Sen. Ted Cruz, R-Texas, Rep. Paul Gosar, R-Ariz., and Rep. Doug Collins, R-GA are in self-quarantine after interacting with an attendee infected with coronavirus at the Conservative Political Action Conference in late February.
Gosar said he, along with three of his senior staff, are officially under self-quarantine after sustained contact at CPAC with the person who has since been hospitalized. He said they are all asymptomatic.
Collins said in a statement Monday afternoon he was notified by CPAC "that they discovered a photo of myself and the patient who has tested positive for #COVID19."
Cruz said his interaction with an infected person consisted of "a brief conversation and a handshake." Cruz said he does not meet the CDC criteria for a self-quarantine, but he is opting to anyway.
"Nevertheless, out of an abundance of caution, and because of how frequently I interact with my constituents as a part of my job and to give everyone peace of mind, I have decided to remain at my home in Texas this week, until a full 14 days have passed since the CPAC interaction," he said.
The Republican senator said he has been advised that his odds of having contracted the disease from the infected person were "extremely low," given his lack of symptoms and brevity of their interaction. Those with whom he has interacted in the 10 days since the conference should "not be concerned about potential transmission," he added.
American Conservative Union said Saturday that a person who attended the annual meeting of political activists tested positive for the coronavirus. The person is now under quarantine in New Jersey. President Donald Trump and Vice President Mike Pence also attended the event. A White House spokeswoman said on Saturday said there was no indication that either had met with or were in close proximity to the attendee.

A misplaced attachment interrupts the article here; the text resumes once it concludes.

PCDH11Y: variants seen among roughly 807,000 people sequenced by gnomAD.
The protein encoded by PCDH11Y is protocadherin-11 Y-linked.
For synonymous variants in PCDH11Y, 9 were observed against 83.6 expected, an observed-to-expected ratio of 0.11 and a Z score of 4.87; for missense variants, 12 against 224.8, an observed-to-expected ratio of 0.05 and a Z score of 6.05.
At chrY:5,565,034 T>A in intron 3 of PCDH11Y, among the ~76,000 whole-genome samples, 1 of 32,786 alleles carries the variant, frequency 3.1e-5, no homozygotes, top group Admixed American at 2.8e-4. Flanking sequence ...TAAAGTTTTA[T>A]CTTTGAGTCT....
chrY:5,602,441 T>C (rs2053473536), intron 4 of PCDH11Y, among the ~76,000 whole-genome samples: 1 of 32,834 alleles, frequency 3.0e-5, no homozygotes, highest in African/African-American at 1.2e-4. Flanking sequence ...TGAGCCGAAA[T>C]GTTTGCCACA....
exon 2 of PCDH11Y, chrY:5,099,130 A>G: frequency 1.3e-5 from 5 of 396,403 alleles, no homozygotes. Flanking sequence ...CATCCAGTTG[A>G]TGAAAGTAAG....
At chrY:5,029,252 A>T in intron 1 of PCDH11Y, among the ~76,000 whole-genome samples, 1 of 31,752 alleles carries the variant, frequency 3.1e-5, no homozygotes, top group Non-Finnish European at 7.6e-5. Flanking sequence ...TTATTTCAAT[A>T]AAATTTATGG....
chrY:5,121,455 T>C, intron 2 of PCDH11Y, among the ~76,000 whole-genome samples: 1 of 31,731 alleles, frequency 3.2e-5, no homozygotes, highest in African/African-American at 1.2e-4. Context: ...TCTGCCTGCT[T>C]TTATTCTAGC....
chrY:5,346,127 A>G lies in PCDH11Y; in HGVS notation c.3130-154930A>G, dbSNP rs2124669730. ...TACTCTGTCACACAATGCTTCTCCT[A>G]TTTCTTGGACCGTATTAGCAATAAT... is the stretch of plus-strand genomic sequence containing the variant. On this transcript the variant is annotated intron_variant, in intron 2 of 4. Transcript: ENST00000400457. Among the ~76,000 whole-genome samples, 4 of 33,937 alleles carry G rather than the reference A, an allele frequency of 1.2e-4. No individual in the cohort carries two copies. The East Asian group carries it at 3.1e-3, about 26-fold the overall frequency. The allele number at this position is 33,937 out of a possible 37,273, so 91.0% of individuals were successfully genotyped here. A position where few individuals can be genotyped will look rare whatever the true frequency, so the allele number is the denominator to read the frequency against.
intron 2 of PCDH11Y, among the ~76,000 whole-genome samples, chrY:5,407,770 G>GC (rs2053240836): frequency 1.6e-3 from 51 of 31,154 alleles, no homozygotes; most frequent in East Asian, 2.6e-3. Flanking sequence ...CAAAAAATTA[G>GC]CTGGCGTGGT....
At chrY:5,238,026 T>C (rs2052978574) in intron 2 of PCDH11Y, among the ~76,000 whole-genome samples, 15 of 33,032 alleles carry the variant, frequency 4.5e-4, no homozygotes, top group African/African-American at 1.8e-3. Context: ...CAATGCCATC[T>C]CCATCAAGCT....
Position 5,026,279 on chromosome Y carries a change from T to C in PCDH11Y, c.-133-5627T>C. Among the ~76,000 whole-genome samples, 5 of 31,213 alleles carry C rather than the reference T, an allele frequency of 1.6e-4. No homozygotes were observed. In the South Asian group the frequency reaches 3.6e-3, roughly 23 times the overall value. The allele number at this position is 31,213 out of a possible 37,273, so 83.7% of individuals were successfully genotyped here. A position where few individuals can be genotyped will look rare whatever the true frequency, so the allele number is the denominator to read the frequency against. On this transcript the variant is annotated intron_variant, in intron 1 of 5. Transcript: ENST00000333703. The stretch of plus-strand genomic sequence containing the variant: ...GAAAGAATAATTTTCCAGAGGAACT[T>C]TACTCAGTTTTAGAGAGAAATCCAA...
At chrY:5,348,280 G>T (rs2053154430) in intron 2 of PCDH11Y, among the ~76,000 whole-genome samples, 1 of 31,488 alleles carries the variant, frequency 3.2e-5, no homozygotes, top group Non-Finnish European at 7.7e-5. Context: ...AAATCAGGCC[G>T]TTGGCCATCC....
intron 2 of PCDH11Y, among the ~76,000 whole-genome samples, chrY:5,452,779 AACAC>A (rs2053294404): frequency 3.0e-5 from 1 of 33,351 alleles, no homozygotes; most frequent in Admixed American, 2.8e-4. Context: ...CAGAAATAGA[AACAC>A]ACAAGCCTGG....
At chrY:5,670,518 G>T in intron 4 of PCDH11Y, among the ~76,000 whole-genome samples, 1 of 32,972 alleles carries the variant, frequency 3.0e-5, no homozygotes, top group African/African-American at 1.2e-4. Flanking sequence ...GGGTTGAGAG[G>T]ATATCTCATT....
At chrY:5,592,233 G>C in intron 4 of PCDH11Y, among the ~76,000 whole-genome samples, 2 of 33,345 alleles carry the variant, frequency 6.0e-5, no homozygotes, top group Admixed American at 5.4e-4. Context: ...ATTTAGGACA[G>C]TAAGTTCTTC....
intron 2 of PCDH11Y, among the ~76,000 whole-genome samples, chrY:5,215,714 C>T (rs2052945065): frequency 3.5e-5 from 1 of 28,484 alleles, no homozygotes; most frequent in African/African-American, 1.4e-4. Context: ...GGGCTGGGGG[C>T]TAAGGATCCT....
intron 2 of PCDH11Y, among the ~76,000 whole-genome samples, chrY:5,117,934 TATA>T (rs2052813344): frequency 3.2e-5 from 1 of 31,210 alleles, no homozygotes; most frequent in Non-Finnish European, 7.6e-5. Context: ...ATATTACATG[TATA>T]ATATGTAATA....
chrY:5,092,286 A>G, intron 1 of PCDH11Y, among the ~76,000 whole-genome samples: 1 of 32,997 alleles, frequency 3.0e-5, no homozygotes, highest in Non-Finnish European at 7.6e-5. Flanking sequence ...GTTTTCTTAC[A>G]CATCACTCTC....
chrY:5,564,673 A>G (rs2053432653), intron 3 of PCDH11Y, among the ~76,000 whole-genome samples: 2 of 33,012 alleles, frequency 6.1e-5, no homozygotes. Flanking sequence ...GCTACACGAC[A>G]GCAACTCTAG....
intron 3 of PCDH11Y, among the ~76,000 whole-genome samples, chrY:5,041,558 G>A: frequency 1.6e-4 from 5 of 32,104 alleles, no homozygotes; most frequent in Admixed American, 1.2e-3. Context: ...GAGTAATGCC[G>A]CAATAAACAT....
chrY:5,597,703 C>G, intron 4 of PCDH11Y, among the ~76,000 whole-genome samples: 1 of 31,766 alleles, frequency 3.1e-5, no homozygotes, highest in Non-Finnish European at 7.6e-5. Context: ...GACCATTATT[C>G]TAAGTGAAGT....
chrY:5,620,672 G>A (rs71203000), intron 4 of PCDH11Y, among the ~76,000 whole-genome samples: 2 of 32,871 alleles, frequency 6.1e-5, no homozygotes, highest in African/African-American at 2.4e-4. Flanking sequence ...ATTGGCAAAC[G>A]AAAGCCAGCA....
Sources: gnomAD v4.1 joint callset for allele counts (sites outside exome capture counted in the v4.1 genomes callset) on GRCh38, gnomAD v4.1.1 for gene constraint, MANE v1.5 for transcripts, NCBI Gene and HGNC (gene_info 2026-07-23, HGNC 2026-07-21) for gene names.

The news followed reports that individuals at another high-profile policy conference, the American Israel Public Affairs Committee gathering, had also come down with the illness. Two of those individuals were confirmed to now be in New York and to be asymptomatic at AIPAC. Members of Congress and other AIPAC attendees were reassured this weekend there was "no identifiable risk for anyone exposed to them."
A third individual at the conference also contracted the illness and is now in Los Angeles.
In an update posted by House Speaker Nancy Pelosi's office, the Office of the Attending Physician in Congress said the fact that an infected individual was sick and asymptomatic at CPAC led authorities to come to a different risk "assessment" than for AIPAC.
"The ill individual at CPAC was able to recall specific names of people he had contact with during the meeting. Several of these individuals, Members of the Congress, were identified and were contacted on the evening of March 7 by Office of Attending Physician," according to the notice.
The announcement comes as experts are increasingly warning that certain Americans may need to reconsider public activities as the disease continues to spread.
"If we continue to see the community spread go up, I think you need to seriously look at anything that's a large gathering," Dr. Anthony Fauci, director of the National Institute of Allergy and Infectious Diseases, told NBC's "Meet the Press" on Sunday.